Tag Archives: Penny Blake

Necromancers

Putting the romance back into necromancy… Necromancers by Penny Blake is a funny, twisted sort of a tale. There are pointy things to be said about religion and the use of humour and fantasy to make comment on human behaviour reminded me very much of Terry Pratchett. I didn’t feel I could review this one, having proof-read it just long enough ago to be unhelpful. I very much enjoyed it.

I can tell you that my slightly evil teenage son chortled all the way through and pronounced it to be excellent.

 

For your delectation…

 

 

 

An Extract From NECROMANCERS By Penny Blake

A terrible accident involving a minor miscalculation has flooded almost the entire planet with lemonade. A few sparse scraps of humanity cling to flotillas of cobbled junk in attempts to sustain some semblance of civilised existence. War, famine and caffeine withdrawal have turned the erstwhile peaceful world into a post-apocalyptic nightmare.

Meanwhile, on the remote and inexplicably unaffected island of Eilean Claigeann, an ancient cult are still obliviously serving the obsolete ‘supreme ruler of the universe’, Wiz, and trying to fathom the secret of immortality. Sort of. Actually daily temple life revolves more around cake sales, bridge nights and village fetes… until two novices discover the secret of immortality themselves and unleash a couple of very unlikely ‘gods’ upon the previously peaceful community.

This LGBTQIA+ short story is part of the Ashton’s Kingdom series and takes place approximately 500 years after the events in The Curious Adventures Of Smith And Skarry

 

CHAPTER 1: Cake or Death

Thunder, lightening, rain, hail, ominous fog and all the other things that accompany the beginning of an iconic horror movie or damn fine tale about Tea, Cake and lashings of Untimely Death, were occurring all over the little island known colloquially (and everywhere else) as The Skull.

Douglas skidded and stumbled over the vindictively slick cobblestones, cursing the length of his disgustingly sodden red robes, the ineffectual protection offered by his floppy wet cowl, the stupid little purse that dangled at his waist and was constantly expelling all his valuables into the muck, the fact that his favourite pocket watch had broken – again – and any and everything else that passed through his mind as he finally staggered, panting and wheezing, to the top of the hill.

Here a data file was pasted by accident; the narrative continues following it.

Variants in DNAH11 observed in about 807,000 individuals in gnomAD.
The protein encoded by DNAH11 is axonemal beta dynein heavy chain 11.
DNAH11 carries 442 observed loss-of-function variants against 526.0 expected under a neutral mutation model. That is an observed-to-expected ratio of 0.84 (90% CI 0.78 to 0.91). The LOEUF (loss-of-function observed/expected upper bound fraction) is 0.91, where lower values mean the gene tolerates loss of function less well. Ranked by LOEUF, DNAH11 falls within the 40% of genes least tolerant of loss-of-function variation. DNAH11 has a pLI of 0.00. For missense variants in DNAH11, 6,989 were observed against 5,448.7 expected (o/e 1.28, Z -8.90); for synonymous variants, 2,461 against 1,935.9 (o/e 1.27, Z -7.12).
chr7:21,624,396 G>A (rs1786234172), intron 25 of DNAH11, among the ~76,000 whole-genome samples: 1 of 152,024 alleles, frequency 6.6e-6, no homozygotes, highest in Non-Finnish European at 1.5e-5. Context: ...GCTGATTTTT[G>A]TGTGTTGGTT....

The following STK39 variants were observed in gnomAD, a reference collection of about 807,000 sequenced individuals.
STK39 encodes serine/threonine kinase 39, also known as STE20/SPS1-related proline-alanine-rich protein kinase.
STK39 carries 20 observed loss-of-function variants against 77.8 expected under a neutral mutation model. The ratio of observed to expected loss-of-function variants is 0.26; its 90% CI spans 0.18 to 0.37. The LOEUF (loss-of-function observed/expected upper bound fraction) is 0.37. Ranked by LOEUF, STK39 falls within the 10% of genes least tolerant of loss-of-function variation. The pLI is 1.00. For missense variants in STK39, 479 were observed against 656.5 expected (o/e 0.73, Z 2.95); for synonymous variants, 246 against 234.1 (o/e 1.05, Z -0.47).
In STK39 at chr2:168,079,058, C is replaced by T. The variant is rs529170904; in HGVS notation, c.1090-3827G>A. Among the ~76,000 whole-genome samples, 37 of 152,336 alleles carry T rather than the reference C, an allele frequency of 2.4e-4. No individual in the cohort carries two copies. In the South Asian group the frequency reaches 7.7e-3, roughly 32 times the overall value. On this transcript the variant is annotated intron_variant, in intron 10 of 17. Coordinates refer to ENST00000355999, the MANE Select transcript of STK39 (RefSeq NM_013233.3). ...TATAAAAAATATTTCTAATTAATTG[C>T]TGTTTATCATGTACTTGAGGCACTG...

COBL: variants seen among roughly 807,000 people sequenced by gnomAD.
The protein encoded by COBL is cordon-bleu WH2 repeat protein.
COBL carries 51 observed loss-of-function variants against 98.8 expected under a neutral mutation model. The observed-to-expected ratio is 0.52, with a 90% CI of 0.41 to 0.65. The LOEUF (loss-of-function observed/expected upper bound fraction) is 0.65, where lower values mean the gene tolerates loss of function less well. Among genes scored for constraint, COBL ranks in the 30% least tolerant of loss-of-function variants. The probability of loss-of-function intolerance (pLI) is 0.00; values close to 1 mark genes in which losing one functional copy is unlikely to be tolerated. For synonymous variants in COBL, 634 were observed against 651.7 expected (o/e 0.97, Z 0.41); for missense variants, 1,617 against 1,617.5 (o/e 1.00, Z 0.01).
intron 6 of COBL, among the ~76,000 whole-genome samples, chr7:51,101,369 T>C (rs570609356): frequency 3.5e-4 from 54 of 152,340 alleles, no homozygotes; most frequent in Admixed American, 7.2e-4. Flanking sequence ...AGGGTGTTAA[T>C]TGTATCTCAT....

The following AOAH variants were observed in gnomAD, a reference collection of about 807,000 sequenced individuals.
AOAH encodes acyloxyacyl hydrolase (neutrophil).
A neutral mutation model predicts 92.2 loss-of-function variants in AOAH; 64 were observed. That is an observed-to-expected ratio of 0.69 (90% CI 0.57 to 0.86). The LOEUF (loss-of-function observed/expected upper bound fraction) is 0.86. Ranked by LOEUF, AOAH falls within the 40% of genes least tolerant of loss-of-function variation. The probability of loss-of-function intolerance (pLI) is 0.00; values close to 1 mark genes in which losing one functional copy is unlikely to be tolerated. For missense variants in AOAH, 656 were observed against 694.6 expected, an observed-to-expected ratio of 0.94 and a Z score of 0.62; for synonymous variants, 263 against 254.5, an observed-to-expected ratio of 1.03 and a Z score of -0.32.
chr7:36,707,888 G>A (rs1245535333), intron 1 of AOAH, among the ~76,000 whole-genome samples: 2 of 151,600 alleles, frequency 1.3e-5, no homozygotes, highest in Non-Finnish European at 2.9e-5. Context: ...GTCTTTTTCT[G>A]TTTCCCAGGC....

Sheet lightening flared for a second, silhouetting the crumbling chapel as Douglas clasped the cold iron ring in the studded wooden door and, with a cautious shoulder, silently eased it open.

The eerie luminescence of a hundred flickering candles vanished in an ebbing wave, to be replaced by darkness and smoke and a smattering of accusatory choking noises.

Thunder shook the walls and lightening flashed again, gleaming on several stiletto thin blades, poised in mid air.

Sorry,” Douglas ventured, shuffling sideways along what he hoped was the back row of folding chairs. There was an almighty crash as something large and metallic clattered to the flagstone floor. “Sorry! So sorry, Francis, er, Your Grace…”

Douglas!”

Sorry!”

Buy the book here – https://www.amazon.co.uk/Necromancers-Ashtons-Kingdom-Penny-Blake-ebook/dp/B083RVWP2G/


All hands to the decks

This song is a collaboration with Penny Blake, who you can find on Patreon –  https://www.patreon.com/blakeandwight or over here – https://blakeandwight.com/ 

The song lyrics come from  Penny’s fabulous novel – The Curious Adventures of Smith and Skarry, Book 1, which you can find on Amazon.  I reviewed it here – https://druidlife.wordpress.com/2019/09/29/the-curious-adventures-of-smith-and-skarry-a-review/  

The whole thing is rather steampunk, with tea, pirates, and so forth so we decided to dress up for the occasion. Tom is frequently a tea pirate.

Tune by me, with singing in by Tom Brown and James Weaselgrease.

I don’t do much cosplay, but this is also me having a go at being Max – a gender complicated being from the same book. I need to buy a wig.


The Curious Adventures Of Smith And Skarry – a review